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God’s Gospel is Supremely Revealed in the Person of Jesus Christ
4. We believe that Jesus Christ is God incarnate, fully God and fully man, one Person in two natures. Jesus—Israel's promised Messiah—was conceived through the Holy Spirit and born of the virgin Mary. He lived a sinless life, was crucified under Pontius Pilate, arose bodily from the dead, ascended into heaven and sits at the right hand of God the Father as our High Priest and Advocate.
We now get to the heart of our statement of faith, the two articles on the person and work of Jesus Christ. As evangelical Christians, we contend that what you believe about and do with Jesus is the defining issue of every person’s destiny. Someone once asked Larry King, the CNN talk show host, who he would most want to interview if he could choose anyone from all of history. He said, 'Jesus Christ.' The questioner said, 'And what would you like to ask Him?' King replied, "I would like to ask Him if He was indeed virgin-born. The answer to that question would define history for me'."
There is something different about Jesus. His name is probably uttered more than any other person who has ever lived, either in veneration at the end of a prayer or in villainy as a curse word. No other major religious leader is worshipped as a God who has risen from the dead, and no other sees His name so routinely blasphemed. This is something we’ve got to get right – Jesus!
In our new statement of faith, there are a few phrases that stick out:
1) Jesus is God incarnate: “incarnate” means, “in the flesh”. The statement is actually a paradox, for how could God, who is incorporeal, that is, without a physical body, take on flesh? This was actually the first issue that early Christian theologians addressed: fleshing out the divinity of Jesus in light of the New Testament. Take a passage like John chapter 1:1-5,14: In the beginning was the Word, and the Word was with God, and the Word was God. He was in the beginning with God. All things were made through him, and without him was not any thing made that was made. In him was life, and the life was the light of men. The light shines in the darkness, and the darkness has not overcome it … and the Word became flesh and dwelt among us, and we have seen his glory, glory as of the only Son from the Father, full of grace and truth.” He is the eternal Word of God, yet he is also the child born of Mary somewhere around 4 B.C. As Isaiah so precisely prophesied in 9:6: “unto us, a child is born, unto us a Son is given” Jesus is a child born and He is the Son given. “and the government shall be upon his shoulder, and his name shall be called Wonderful Counselor, Mighty God, Everlasting Father, Prince of Peace. Micah as well prophesied of the dual origin of the Messiah (5:2): But you, O Bethlehem Ephrathah, who are too little to be among the clans of Judah, from you shall come forth for me one who is to be ruler in Israel, whose origin is from of old, from ancient days.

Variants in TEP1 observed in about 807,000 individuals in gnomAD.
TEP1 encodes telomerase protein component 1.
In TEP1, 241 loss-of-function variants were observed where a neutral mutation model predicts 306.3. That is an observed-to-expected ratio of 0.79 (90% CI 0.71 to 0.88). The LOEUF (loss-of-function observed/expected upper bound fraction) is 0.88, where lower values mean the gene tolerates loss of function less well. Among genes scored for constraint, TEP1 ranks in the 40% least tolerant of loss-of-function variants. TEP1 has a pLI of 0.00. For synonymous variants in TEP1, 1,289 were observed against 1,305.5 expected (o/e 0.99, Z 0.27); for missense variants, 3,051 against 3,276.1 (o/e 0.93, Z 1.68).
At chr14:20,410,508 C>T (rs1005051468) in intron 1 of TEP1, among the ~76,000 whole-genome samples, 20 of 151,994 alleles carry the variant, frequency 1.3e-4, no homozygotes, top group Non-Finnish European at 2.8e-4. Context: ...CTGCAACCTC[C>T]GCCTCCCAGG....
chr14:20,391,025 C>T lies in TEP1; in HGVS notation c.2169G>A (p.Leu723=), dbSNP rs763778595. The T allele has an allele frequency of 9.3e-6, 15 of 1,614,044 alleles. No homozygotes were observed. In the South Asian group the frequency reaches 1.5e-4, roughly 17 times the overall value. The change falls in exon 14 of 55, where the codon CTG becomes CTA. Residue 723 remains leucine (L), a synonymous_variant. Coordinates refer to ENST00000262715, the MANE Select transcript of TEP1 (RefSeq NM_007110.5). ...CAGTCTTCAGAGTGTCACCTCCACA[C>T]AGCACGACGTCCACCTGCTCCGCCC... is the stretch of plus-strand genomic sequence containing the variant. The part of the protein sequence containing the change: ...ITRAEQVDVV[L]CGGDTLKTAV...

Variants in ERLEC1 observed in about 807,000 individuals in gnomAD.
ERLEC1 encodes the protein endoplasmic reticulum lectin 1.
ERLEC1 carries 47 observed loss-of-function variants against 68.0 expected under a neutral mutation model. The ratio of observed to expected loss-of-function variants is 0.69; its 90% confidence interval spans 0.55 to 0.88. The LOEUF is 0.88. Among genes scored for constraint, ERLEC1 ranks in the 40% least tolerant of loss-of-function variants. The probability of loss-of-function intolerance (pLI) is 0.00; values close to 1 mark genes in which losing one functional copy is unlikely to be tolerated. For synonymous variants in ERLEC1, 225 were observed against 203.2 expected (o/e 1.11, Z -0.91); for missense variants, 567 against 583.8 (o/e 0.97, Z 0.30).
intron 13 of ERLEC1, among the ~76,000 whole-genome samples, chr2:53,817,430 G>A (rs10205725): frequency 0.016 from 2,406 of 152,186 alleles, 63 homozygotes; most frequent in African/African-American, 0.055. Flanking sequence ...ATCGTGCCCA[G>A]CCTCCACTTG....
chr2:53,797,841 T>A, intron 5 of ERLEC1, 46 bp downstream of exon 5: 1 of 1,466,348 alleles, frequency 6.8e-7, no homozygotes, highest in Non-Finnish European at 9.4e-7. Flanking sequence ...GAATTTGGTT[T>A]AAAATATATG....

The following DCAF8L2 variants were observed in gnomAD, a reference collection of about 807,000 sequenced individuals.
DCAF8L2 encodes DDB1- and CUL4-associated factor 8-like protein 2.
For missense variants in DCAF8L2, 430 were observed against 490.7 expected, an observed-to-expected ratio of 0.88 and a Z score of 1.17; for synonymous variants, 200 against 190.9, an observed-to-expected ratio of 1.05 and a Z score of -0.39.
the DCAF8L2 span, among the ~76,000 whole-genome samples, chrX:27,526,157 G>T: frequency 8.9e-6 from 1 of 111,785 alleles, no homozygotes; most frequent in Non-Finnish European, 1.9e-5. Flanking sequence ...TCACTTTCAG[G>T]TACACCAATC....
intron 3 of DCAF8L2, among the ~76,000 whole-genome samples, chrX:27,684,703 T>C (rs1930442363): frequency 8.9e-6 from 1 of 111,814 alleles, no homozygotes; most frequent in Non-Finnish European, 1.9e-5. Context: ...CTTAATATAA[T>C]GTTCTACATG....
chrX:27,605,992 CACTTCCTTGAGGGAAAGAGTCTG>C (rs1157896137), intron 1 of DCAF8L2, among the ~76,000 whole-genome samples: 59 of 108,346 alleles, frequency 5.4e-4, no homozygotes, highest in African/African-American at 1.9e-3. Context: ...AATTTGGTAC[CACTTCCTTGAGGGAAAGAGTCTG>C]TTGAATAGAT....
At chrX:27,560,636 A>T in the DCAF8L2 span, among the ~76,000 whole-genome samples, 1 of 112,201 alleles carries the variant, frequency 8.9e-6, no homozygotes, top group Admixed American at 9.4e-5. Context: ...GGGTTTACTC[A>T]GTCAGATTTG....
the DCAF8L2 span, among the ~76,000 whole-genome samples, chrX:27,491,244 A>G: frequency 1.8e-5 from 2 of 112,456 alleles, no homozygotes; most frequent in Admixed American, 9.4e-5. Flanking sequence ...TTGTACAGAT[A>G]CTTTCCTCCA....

2) One person, two natures: So how does this Godness and Human-ness come together in Jesus? The three pillars of evangelical consensus about Jesus are found in this short statement: “one person, two natures”. What is meant is that Jesus is fully God, Jesus is fully human, and these two natures united in Jesus so that He was not schizophrenic, but one person.
a. Jesus is fully God: To review,
1. Jesus took the “I AM” name of God for himself (John 8:58)
2. Jesus claimed to do what only God could do (Luke 5:21)
3. Jesus claimed a unique relationship to God (John 5:18)
4. Jesus claimed one-ness with God (John 10:30)
5. Jesus received worship as God (Matthew 28:17, John 20:28)
6. Jesus is called God by his closest followers (John 1:1, 20:28)
7. OT passages referring to Yahweh are used of Jesus (Matthew 3:3, Romans 10:9-10)
Jesus’ God-ness is denied by many today, including those who claim to be Christians such as Jehovah’s Witnesses. Also, it is important to know that when we refer to Jesus as being God, we mean it in the unique transcendent Creator God way. Some people (New Age Buddhists and Eastern Mystics) try to argue that Jesus was “God” in a “we’re all gods” sort of way. You are not God – you are human.
b. Jesus is fully man: Surprisingly, it is this point that needs some defense today because of the internet. Look – here is just some free advise. Anytime you read or watch some article or video of the internet that has the words “secret story” or “conspiracy” or “untold truth” or “the real story that X politician or religious leader doesn’t want you to know” – remember, it’s the internet!! So in 2005 this guy Brian Flemming makes this documentary called “The God Who Wasn’t There” and it gets posted on youtube, and everyone’s like, “Oh, my eyes were opened! I’ll never look at Jesus or religion the same way again.” I know that some youth and yong adults who have been in our church have seen this movie. Flemming is rehashing what is referred to as “The Jesus Myth hypothesis” also found in books like Canadian Tom Harpur’s, “The Pagan Christ”. The Jesus Myth hypothesis rests on two main arguments: 1) the Pauline Epistle’s (our earliest Christian writings) show no evidence of a recent historical Jesus, Flemming narrates: “If Jesus was a human who had recently lived, nobody told Paul. Paul never heard of Mary, Joseph, Bethlehem, Herod, John the Baptist. He never heard about any of these miracles. He never quotes anything that Jesus is supposed to have said. He never mentions Jesus having a ministry of any kind at all. He doesn't know about any entrance into Jerusalem, he never mentions Pontius Pilate or a Jewish mob or any trials at all. Paul doesn't know any of what we would call the story of Jesus, except for these last three events. And even these, Paul never places on Earth. Just like the other savior gods of the time, Paul's Christ Jesus died, rose, and ascended all in a mythical realm. Paul doesn't believe that Jesus was ever a human being. He's not even aware of the idea. 2) The so-called parallels to those other deities such as Horace, Dionysus, Mithras, and Hermes. This is a theory that is gaining traction as it spreads around the net.